It’s an all-too-common occurrence. Your practice has submitted sizable claims, only to have the payor fully or partially reject them because your provider isn’t credentialed. Perhaps an application wasn’t completed or a renewal date was missed. Whatever the reason, your practice is looking at more lost revenue. Clearly, all the forms, rules, and expiration dates have become too much to manage for your existing employees. Is it time to hire more staff?
Hold that thought. Advancements in automated communication between payors and providers are making provider data management infinitely easier, significantly reducing administrative burdens and risk to the dental practice’s revenue. No longer do dental organizations have to depend on specialized staff knowledge to oversee credentialing. Instead, they’re putting automation to work in the following five areas.
1. Managing documentation in one central hub
It’s well-known that the credentialing process can take upward of 20 weeks for a single provider — and the larger the organization, the more convoluted this process becomes. For example, organizations with multiple offices may find that staff is working from its own understanding of what’s needed to credential their dentists and using different systems, processes, and data files.
By contrast, hosting and managing all payor enrollment documentation within one cloud-based “hub” ensures that all facilities adhere to the same standards and are working off the latest information. Now staff from different locations — including different states — have a single source of truth to identify the correct payor applications and checklists of supporting documentation. Such a system will forever banish the questions of “Is this the right form?” and “Is this the most current data?”
2. Ending duplicative work by autopopulating data
Enrolling in even just one dental health plan requires the completion of copious forms, much of it information that must be resubmitted for the next plan — and the next. Such repetition is inefficient for the dental organization as a whole, and it prevents staff from focusing on higher value functions, such as offering superior customer service.
The good news is that data auto population is a key feature of an advanced provider data management platform. Now common fields such as dental provider contact information, specialty, and others need only be completed once for replication across countless credentialing forms.
Also, look for platforms that offer a “single-hosted” forms library. When changes are made to a form in this library, all dental practices that use this form are notified. Practices still have the flexibility to edit these forms to address special needs.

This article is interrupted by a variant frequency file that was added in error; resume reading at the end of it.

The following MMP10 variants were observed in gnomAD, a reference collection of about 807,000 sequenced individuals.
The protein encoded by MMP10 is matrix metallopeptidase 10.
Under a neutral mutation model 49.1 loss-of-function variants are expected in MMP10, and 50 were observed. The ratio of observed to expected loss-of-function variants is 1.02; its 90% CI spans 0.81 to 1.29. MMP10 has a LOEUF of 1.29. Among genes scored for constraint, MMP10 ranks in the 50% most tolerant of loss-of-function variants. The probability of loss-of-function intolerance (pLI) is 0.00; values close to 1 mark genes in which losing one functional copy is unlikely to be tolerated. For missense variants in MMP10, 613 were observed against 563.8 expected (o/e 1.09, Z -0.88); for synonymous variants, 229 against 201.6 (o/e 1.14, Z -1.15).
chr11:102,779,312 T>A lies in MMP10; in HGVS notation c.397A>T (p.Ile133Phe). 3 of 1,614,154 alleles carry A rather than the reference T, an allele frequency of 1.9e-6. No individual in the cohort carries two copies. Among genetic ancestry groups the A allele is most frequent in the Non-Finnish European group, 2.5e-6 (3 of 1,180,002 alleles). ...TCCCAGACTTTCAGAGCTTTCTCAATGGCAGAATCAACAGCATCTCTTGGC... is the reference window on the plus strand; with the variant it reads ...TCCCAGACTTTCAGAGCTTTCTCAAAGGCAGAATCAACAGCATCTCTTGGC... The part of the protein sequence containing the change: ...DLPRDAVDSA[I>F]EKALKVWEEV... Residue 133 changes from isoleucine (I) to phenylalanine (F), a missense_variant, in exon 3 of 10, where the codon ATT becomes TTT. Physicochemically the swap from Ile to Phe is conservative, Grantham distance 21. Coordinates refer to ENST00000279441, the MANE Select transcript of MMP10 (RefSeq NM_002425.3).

3. Making use of e-signatures
Automation also makes it possible to use electronic signatures in lieu of printing off a document for a handwritten signature, then scanning and uploading the document back into the system to be emailed. It’s a seemingly minor benefit — but one that saves time. Be sure to check with payors first, however, to confirm that they accept e-signatures. Most do from a trusted platform.
4. Using smart prompts
“In the absence of a modern provider data management system, staying ahead of disparate payor rules is a constant challenge.”
Even automated provider data management requires proactive human intervention. However, this can be greatly aided by more automation — that is, automatic prompts and alerts for recredentialing deadlines and other attendant activities.
The importance of this benefit can’t be overstated; missing such deadlines can and do result in providers failing to be enrolled or re-enrolled in a health plan. As alluded to earlier, it’s an unpleasant discovery often made by way of a denied claim — and lost revenue.
5. Keeping an evidence trail
In the absence of a modern provider data management system, staying ahead of disparate payor rules is a constant challenge. Here is where a provider data management platform becomes a powerful weapon, not only with automatic prompts and uploading of the latest applications and requirements, but also with audit trail functionality. Contracts, effective dates, and other information can prove compliance and are easily found and referenced when stored in a central hub.
This is a particularly welcome feature for proving dates of application submissions. Indeed, in my experience, some practices have been known to win back six-figure sums in previously denied claims by producing a well-documented evidence trail.
Having documentation trails is also helpful when someone who used to handle credentialing in your office is replaced by someone else. Now the new employee need only check the documentation trail in the platform to see where he or she needs to resume the credentialing process.
With dentists participating in an ever-increasing number of dental plans, manual credentialing is quickly becoming obsolete. By replacing it with a modern provider data management platform, dental organizations can quickly and easily enroll in more plans and enjoy the attendant new efficiency and revenue.
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